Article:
Leadership Lessons from Our 41st President

Last Wednesday I set aside a few hours to watch the funeral of President George H. W. Bush. My heart filled with pride as I watched our military honor their former Commander in Chief. I laughed out loud as Senator Alan Simpson shared his often funny stories. I cried as a son, also a former President of these United States, honored his dad as “the best father a son or daughter could have.” And I thought about the leadership lessons President Bush exemplified.

This post is not intended to be a political one. It isn’t about Republicans or Democrats. It’s not about the current President, or any others for that matter. This post is about leadership lessons from our 41st President. Perhaps George W. Bush said it best. His father taught him “how to be a president who serves with integrity, leads with courage, and acts with love in his heart for the citizens of our country.”

Here are some leadership lessons from our 41st President:

1. Allow the events of your life to shape you.

There is a vast difference between allowing the events of your life to define you and allowing them to shape you. President Bush’s service in World War II shaped him. It brought out the deep humility that he displayed as he asked the question, “Why me? Why was I spared when others died?”

2. Competitiveness and compassion are not mutually exclusive.

Bush was a successful businessman, Congressman, Ambassador, CIA Director, Vice President and President. He could be bold. He could be ruthless in competition. As his biographer Jon Meacham pointed out the president understood, “To serve, he had to succeed. To preside, he had to prevail. Politics, he once admitted, isn’t a pure undertaking; not if you want to win, it’s not.”

But he was also compassionate. He wasn’t afraid to say, “I love you.” And he wasn’t afraid to cry. When he met a Polish boy who was battling the same disease that took his daughter, Robin, the president wrote in his diary, “My eyes flooded with tears. And behind me was a bank of television cameras. And I thought, ‘I can’t turn around. I can’t dissolve because of personal tragedy in the face of the nurses that give of themselves every day.’ So I stood there looking at this little guy, tears running down my cheek, hoping he wouldn’t see. But if he did, hoping he’d feel that I loved him.”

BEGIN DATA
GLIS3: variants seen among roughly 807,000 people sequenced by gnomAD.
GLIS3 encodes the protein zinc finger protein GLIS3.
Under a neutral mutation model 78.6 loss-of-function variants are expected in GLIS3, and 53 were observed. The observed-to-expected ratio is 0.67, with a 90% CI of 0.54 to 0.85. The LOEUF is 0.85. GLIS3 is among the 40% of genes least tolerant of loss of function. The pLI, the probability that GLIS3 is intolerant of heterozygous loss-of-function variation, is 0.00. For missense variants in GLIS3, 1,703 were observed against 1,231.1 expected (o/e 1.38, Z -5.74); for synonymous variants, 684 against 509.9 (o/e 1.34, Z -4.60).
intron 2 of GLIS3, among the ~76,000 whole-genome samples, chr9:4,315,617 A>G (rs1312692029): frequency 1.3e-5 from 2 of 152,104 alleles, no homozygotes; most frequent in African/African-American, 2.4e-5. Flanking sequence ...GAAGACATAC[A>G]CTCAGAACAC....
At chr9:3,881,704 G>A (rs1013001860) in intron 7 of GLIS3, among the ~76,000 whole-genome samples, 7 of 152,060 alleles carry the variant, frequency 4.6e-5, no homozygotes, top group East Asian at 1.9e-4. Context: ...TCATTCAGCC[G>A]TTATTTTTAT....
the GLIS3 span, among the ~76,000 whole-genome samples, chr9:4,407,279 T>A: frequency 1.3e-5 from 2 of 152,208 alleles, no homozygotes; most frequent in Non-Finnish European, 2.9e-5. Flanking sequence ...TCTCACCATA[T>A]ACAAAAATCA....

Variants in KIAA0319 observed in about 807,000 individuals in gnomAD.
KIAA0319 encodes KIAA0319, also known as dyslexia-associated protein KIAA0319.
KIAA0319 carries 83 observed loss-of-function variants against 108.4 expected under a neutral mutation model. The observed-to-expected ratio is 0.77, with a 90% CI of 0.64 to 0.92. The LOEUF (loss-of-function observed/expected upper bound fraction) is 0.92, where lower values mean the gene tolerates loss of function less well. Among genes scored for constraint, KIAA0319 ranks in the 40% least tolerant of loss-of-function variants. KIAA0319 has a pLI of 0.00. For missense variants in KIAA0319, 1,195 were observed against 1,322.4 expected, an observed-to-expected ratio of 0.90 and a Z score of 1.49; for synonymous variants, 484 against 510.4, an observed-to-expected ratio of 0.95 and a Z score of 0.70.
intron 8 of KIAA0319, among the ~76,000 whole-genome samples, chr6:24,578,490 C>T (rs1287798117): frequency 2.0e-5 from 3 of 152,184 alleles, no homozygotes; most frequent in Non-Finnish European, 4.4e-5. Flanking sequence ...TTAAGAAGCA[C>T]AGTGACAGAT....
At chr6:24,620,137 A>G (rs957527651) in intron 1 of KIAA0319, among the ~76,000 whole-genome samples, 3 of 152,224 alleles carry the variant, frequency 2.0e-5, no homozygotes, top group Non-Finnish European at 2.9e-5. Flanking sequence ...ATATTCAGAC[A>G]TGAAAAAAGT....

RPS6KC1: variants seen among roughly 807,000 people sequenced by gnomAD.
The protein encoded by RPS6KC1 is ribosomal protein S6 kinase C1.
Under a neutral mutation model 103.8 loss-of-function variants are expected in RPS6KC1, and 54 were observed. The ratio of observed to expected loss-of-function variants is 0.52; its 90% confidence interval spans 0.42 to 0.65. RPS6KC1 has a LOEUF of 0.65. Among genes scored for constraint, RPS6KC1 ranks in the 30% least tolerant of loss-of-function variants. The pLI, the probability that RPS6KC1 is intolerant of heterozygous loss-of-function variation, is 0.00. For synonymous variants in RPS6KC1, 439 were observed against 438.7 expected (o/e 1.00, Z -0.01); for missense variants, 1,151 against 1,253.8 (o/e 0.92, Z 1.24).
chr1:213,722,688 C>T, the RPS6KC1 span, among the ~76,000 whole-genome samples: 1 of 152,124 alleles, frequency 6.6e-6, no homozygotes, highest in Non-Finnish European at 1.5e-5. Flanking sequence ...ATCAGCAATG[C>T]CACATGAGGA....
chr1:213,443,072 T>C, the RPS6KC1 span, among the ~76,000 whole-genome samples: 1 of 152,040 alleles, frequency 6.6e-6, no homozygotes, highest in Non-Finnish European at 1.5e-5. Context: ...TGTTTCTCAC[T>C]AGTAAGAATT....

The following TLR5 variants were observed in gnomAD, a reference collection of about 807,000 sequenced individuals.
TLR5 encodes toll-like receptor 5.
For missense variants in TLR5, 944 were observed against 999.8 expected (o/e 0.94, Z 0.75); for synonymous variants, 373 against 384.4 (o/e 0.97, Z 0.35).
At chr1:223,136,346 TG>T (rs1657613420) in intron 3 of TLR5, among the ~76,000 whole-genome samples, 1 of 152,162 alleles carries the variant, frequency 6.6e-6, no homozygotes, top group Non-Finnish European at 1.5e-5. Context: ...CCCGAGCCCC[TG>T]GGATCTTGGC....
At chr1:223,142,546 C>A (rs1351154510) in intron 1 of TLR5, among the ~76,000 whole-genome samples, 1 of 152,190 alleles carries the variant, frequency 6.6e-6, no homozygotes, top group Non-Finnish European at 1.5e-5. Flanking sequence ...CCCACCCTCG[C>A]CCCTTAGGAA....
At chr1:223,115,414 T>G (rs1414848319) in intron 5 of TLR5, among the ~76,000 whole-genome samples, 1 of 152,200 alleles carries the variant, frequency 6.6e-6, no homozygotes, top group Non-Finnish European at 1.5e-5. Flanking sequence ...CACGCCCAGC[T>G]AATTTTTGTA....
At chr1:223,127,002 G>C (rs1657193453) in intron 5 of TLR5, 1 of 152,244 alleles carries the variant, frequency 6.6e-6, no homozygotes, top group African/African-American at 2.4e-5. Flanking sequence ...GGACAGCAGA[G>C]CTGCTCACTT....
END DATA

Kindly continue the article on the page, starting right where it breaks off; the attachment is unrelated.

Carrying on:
3. Don’t take yourself too seriously.

President Bush often joked about his misuse of language. His family acknowledged that “he wasn’t exactly Fred Astaire on the dance floor.” His friend Alan Simpson said he could never remember the punchline to a joke. His biographer acknowledged, “’Fluency in English,’ President Bush once remarked, ‘is something that I’m often not accused of.’” Here was a man who loved to laugh, even at himself!

4. Never miss an opportunity to honor and help someone else.

Alan Simpson recalled the way that Bush helped him during a difficult time. He recalled saying, “George, I am not unmindful as to what you are doing. You are propping up your old wounded duck pal. While you’re at the top of your game, you reach out to me while I’m tangled in rich controversy and taking my lumps. And he said, ‘Yep. There were staff, Al, who told me not to do this, but, Al, this is about friendship and loyalty.'”

5. Look for the good in others.

As Bush 43 said in his eulogy, “He looked for the good in other people and usually found it.” Years later the world marveled at how the President could develop a special friendship with our nation’s 42nd President, Bill Clinton. Clinton was a Democrat. Clinton defeated Bush. Yet they became what Bush 43 referred to as “brothers from other mothers.”

6. Don’t sacrifice your family on the altar of success.

The Bush family amazes me. George and Barbara Bush did well. They passed on their faith to their children, grandchildren and great grandchildren. They also passed on their encouragement and love. During the eulogy, George W. noted that he and his siblings tried their father’s patience, “but he always responded with the great gift of unconditional love.” And he wasn’t afraid to express it. Indeed, his last words on this earth were apparently said to his son: “I love you, too.”

7. Practice what you preach.

Integrity matters. In one of the famous handwritten letters the President wrote these words to former IBM CEO Sam Palmisano. The letter was shared by Fox News Anchor Bret Baier.

“I cannot single out the one greatest challenge in my life. I have had a lot of challenges and my advice to young people might be as follows

Don’t get down when your life takes a bad turn. Out of adversity comes challenge and often success

Don’t blame others for your setbacks

When things go well, always give credit to others

Don’t talk all the time. Listen to your friends and mentors and learn from them

Don’t brag about yourself. Let others point out your virtues, your strong points.

Give someone else a hand. When a friend is hurting show that friend you care

Nobody likes an overbearing big shot

As you succeed, be kind to people. Thank those who help you along the way

Don’t be afraid to shed a tear when your heart is broken because a friend is hurting.

Say your prayers!!

George Bush”

Final Thoughts

Jon Meacham described George H. W. Bush as “a lion who not only led us, but who loved us.” For those of us who are privileged to lead other people all of these leadership lessons matter. Thank you, Mr. President.